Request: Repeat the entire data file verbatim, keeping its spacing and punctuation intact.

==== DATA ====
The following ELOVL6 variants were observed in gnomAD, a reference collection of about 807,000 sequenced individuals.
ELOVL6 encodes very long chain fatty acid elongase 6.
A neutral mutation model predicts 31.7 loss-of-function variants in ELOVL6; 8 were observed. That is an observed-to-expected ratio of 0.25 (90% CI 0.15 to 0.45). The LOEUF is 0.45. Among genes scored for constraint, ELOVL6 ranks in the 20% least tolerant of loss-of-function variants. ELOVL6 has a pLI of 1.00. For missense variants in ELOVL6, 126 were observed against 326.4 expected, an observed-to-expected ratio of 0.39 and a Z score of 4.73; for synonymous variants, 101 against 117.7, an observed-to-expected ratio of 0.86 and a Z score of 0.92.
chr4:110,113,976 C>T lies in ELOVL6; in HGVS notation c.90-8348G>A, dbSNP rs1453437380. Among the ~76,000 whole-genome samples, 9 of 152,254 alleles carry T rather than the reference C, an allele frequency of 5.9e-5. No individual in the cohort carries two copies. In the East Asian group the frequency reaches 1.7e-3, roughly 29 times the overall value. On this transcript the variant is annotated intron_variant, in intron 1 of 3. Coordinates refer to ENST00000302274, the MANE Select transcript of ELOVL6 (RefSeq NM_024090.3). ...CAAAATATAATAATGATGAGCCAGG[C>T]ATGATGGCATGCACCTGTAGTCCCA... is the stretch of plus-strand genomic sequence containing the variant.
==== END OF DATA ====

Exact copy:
The following ELOVL6 variants were observed in gnomAD, a reference collection of about 807,000 sequenced individuals.
ELOVL6 encodes very long chain fatty acid elongase 6.
A neutral mutation model predicts 31.7 loss-of-function variants in ELOVL6; 8 were observed. That is an observed-to-expected ratio of 0.25 (90% CI 0.15 to 0.45). The LOEUF is 0.45. Among genes scored for constraint, ELOVL6 ranks in the 20% least tolerant of loss-of-function variants. ELOVL6 has a pLI of 1.00. For missense variants in ELOVL6, 126 were observed against 326.4 expected, an observed-to-expected ratio of 0.39 and a Z score of 4.73; for synonymous variants, 101 against 117.7, an observed-to-expected ratio of 0.86 and a Z score of 0.92.
chr4:110,113,976 C>T lies in ELOVL6; in HGVS notation c.90-8348G>A, dbSNP rs1453437380. Among the ~76,000 whole-genome samples, 9 of 152,254 alleles carry T rather than the reference C, an allele frequency of 5.9e-5. No individual in the cohort carries two copies. In the East Asian group the frequency reaches 1.7e-3, roughly 29 times the overall value. On this transcript the variant is annotated intron_variant, in intron 1 of 3. Coordinates refer to ENST00000302274, the MANE Select transcript of ELOVL6 (RefSeq NM_024090.3). ...CAAAATATAATAATGATGAGCCAGG[C>T]ATGATGGCATGCACCTGTAGTCCCA... is the stretch of plus-strand genomic sequence containing the variant.